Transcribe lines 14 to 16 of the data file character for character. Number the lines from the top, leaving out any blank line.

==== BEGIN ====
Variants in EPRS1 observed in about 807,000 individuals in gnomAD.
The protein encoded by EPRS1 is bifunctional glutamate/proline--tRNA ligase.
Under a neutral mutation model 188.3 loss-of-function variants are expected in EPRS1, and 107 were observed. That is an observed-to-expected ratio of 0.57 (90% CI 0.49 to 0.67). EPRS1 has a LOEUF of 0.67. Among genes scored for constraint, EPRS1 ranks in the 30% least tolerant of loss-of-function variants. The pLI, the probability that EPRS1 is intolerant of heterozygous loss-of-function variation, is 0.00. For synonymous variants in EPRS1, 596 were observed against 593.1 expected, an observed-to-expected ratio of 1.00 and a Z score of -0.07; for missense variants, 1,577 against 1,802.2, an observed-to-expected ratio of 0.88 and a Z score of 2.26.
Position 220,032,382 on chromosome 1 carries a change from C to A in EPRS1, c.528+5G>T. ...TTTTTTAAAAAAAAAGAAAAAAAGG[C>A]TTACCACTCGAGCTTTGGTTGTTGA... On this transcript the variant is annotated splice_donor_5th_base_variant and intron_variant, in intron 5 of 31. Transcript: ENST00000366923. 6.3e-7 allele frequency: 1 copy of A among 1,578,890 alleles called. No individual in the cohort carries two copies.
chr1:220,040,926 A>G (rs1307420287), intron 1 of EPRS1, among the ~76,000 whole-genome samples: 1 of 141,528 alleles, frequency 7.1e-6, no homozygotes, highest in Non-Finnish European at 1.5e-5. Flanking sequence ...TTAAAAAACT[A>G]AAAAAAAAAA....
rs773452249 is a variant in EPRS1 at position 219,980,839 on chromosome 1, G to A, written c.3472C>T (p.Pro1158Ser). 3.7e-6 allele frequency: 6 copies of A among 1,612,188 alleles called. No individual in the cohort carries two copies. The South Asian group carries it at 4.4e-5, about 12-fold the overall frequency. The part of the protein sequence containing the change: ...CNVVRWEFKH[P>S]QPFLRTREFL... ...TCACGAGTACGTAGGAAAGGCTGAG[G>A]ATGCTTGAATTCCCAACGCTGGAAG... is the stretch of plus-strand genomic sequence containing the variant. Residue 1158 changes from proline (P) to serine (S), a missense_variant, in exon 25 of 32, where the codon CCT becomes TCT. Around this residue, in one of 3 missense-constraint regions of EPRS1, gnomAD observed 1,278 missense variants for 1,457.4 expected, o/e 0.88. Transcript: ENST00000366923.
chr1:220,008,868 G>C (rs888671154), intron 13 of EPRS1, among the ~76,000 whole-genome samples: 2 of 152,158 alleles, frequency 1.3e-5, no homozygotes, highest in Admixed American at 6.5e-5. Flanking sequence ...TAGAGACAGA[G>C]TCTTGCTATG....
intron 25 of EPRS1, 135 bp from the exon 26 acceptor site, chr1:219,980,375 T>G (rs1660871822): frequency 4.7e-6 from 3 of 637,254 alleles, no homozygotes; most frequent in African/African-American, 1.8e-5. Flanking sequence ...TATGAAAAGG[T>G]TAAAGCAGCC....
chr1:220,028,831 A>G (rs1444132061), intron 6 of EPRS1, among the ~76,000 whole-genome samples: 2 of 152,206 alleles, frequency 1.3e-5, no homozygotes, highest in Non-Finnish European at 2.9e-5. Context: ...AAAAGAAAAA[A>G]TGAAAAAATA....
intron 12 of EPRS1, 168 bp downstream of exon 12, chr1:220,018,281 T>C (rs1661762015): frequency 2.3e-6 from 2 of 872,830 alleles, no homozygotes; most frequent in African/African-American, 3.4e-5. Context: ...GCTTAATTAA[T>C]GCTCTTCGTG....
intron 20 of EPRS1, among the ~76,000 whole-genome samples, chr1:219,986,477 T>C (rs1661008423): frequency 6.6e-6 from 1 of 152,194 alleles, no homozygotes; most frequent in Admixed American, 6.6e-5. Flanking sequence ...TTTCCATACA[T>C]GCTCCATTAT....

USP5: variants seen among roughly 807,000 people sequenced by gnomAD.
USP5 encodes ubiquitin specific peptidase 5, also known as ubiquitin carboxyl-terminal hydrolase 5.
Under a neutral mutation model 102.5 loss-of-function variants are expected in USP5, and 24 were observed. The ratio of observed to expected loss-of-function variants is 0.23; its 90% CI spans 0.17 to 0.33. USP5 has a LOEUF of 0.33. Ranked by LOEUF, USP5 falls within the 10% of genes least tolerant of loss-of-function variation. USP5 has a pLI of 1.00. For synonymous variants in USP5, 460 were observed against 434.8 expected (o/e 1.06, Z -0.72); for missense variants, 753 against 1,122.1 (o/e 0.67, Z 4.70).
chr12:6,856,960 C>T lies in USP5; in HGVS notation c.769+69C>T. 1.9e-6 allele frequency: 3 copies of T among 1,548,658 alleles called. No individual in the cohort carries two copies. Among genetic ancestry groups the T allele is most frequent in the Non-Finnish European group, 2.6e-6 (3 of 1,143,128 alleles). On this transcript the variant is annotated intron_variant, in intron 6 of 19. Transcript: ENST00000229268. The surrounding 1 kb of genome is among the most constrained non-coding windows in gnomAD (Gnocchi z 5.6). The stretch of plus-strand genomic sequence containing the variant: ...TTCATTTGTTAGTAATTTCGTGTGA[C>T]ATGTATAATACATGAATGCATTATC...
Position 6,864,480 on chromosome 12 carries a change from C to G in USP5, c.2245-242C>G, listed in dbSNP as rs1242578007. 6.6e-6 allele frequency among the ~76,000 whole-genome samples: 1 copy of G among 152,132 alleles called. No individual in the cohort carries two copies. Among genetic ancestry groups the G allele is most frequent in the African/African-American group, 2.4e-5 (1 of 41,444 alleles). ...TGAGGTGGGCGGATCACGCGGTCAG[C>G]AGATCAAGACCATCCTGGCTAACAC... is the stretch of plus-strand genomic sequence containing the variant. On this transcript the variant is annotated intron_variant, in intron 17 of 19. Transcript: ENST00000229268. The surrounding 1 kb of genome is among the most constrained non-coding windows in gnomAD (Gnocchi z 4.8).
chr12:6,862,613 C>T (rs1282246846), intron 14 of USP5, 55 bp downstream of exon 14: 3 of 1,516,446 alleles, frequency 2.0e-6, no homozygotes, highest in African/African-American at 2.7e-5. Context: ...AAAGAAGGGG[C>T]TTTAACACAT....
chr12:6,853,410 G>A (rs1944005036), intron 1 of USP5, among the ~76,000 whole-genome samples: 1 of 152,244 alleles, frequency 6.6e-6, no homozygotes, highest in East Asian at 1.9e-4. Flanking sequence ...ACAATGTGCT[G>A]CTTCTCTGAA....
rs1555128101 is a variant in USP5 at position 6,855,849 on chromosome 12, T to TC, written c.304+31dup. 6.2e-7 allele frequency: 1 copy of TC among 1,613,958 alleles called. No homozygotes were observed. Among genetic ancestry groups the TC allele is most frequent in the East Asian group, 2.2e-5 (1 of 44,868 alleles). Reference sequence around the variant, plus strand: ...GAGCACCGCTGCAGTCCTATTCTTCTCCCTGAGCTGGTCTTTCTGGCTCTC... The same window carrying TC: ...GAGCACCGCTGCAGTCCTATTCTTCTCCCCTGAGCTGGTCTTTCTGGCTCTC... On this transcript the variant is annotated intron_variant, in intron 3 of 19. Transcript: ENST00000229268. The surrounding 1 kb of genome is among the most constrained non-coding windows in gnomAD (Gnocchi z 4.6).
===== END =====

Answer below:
Under a neutral mutation model 102.5 loss-of-function variants are expected in USP5, and 24 were observed. The ratio of observed to expected loss-of-function variants is 0.23; its 90% CI spans 0.17 to 0.33. USP5 has a LOEUF of 0.33. Ranked by LOEUF, USP5 falls within the 10% of genes least tolerant of loss-of-function variation. USP5 has a pLI of 1.00. For synonymous variants in USP5, 460 were observed against 434.8 expected (o/e 1.06, Z -0.72); for missense variants, 753 against 1,122.1 (o/e 0.67, Z 4.70).
chr12:6,856,960 C>T lies in USP5; in HGVS notation c.769+69C>T. 1.9e-6 allele frequency: 3 copies of T among 1,548,658 alleles called. No individual in the cohort carries two copies. Among genetic ancestry groups the T allele is most frequent in the Non-Finnish European group, 2.6e-6 (3 of 1,143,128 alleles). On this transcript the variant is annotated intron_variant, in intron 6 of 19. Transcript: ENST00000229268. The surrounding 1 kb of genome is among the most constrained non-coding windows in gnomAD (Gnocchi z 5.6). The stretch of plus-strand genomic sequence containing the variant: ...TTCATTTGTTAGTAATTTCGTGTGA[C>T]ATGTATAATACATGAATGCATTATC...
Position 6,864,480 on chromosome 12 carries a change from C to G in USP5, c.2245-242C>G, listed in dbSNP as rs1242578007. 6.6e-6 allele frequency among the ~76,000 whole-genome samples: 1 copy of G among 152,132 alleles called. No individual in the cohort carries two copies. Among genetic ancestry groups the G allele is most frequent in the African/African-American group, 2.4e-5 (1 of 41,444 alleles). ...TGAGGTGGGCGGATCACGCGGTCAG[C>G]AGATCAAGACCATCCTGGCTAACAC... is the stretch of plus-strand genomic sequence containing the variant. On this transcript the variant is annotated intron_variant, in intron 17 of 19. Transcript: ENST00000229268. The surrounding 1 kb of genome is among the most constrained non-coding windows in gnomAD (Gnocchi z 4.8).